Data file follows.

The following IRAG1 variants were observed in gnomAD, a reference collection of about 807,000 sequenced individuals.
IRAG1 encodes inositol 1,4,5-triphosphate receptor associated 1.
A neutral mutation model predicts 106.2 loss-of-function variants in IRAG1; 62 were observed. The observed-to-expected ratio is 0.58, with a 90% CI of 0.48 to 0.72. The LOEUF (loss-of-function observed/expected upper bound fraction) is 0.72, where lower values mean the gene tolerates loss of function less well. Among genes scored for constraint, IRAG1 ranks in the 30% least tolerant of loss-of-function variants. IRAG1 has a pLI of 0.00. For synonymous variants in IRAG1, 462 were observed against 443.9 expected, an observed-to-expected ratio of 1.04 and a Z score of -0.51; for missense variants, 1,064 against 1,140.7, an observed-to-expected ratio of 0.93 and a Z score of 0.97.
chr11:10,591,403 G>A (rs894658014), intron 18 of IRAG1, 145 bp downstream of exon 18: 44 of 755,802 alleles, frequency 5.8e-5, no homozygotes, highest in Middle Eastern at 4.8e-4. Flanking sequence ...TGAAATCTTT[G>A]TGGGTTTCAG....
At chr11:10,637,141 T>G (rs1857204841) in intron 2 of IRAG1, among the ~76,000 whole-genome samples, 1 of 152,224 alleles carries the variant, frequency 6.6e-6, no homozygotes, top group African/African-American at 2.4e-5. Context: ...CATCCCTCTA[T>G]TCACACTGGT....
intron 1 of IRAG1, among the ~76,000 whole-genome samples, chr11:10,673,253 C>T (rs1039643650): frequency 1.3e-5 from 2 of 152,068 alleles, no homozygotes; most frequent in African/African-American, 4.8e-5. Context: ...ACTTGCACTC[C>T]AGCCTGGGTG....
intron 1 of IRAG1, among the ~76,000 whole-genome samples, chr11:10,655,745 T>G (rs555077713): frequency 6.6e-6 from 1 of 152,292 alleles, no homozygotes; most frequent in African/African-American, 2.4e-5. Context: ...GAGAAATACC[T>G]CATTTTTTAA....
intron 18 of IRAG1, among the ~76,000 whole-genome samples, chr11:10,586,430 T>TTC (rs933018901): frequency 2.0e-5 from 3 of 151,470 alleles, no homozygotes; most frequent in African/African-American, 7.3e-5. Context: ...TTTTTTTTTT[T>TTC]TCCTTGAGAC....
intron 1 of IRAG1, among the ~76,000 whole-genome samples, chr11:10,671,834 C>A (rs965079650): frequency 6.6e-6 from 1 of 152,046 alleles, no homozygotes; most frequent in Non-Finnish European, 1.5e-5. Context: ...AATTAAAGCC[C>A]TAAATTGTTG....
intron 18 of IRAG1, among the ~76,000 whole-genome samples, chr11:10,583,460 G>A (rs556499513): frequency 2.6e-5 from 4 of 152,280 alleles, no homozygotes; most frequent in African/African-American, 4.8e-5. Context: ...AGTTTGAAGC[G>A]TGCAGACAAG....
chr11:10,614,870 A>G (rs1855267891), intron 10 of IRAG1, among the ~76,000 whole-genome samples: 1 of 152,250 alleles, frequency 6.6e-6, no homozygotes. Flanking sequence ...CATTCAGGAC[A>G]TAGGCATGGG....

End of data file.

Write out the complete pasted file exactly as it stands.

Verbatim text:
The following IRAG1 variants were observed in gnomAD, a reference collection of about 807,000 sequenced individuals.
IRAG1 encodes inositol 1,4,5-triphosphate receptor associated 1.
A neutral mutation model predicts 106.2 loss-of-function variants in IRAG1; 62 were observed. The observed-to-expected ratio is 0.58, with a 90% CI of 0.48 to 0.72. The LOEUF (loss-of-function observed/expected upper bound fraction) is 0.72, where lower values mean the gene tolerates loss of function less well. Among genes scored for constraint, IRAG1 ranks in the 30% least tolerant of loss-of-function variants. IRAG1 has a pLI of 0.00. For synonymous variants in IRAG1, 462 were observed against 443.9 expected, an observed-to-expected ratio of 1.04 and a Z score of -0.51; for missense variants, 1,064 against 1,140.7, an observed-to-expected ratio of 0.93 and a Z score of 0.97.
chr11:10,591,403 G>A (rs894658014), intron 18 of IRAG1, 145 bp downstream of exon 18: 44 of 755,802 alleles, frequency 5.8e-5, no homozygotes, highest in Middle Eastern at 4.8e-4. Flanking sequence ...TGAAATCTTT[G>A]TGGGTTTCAG....
At chr11:10,637,141 T>G (rs1857204841) in intron 2 of IRAG1, among the ~76,000 whole-genome samples, 1 of 152,224 alleles carries the variant, frequency 6.6e-6, no homozygotes, top group African/African-American at 2.4e-5. Context: ...CATCCCTCTA[T>G]TCACACTGGT....
intron 1 of IRAG1, among the ~76,000 whole-genome samples, chr11:10,673,253 C>T (rs1039643650): frequency 1.3e-5 from 2 of 152,068 alleles, no homozygotes; most frequent in African/African-American, 4.8e-5. Context: ...ACTTGCACTC[C>T]AGCCTGGGTG....
intron 1 of IRAG1, among the ~76,000 whole-genome samples, chr11:10,655,745 T>G (rs555077713): frequency 6.6e-6 from 1 of 152,292 alleles, no homozygotes; most frequent in African/African-American, 2.4e-5. Context: ...GAGAAATACC[T>G]CATTTTTTAA....
intron 18 of IRAG1, among the ~76,000 whole-genome samples, chr11:10,586,430 T>TTC (rs933018901): frequency 2.0e-5 from 3 of 151,470 alleles, no homozygotes; most frequent in African/African-American, 7.3e-5. Context: ...TTTTTTTTTT[T>TTC]TCCTTGAGAC....
intron 1 of IRAG1, among the ~76,000 whole-genome samples, chr11:10,671,834 C>A (rs965079650): frequency 6.6e-6 from 1 of 152,046 alleles, no homozygotes; most frequent in Non-Finnish European, 1.5e-5. Context: ...AATTAAAGCC[C>A]TAAATTGTTG....
intron 18 of IRAG1, among the ~76,000 whole-genome samples, chr11:10,583,460 G>A (rs556499513): frequency 2.6e-5 from 4 of 152,280 alleles, no homozygotes; most frequent in African/African-American, 4.8e-5. Context: ...AGTTTGAAGC[G>A]TGCAGACAAG....
chr11:10,614,870 A>G (rs1855267891), intron 10 of IRAG1, among the ~76,000 whole-genome samples: 1 of 152,250 alleles, frequency 6.6e-6, no homozygotes. Flanking sequence ...CATTCAGGAC[A>G]TAGGCATGGG....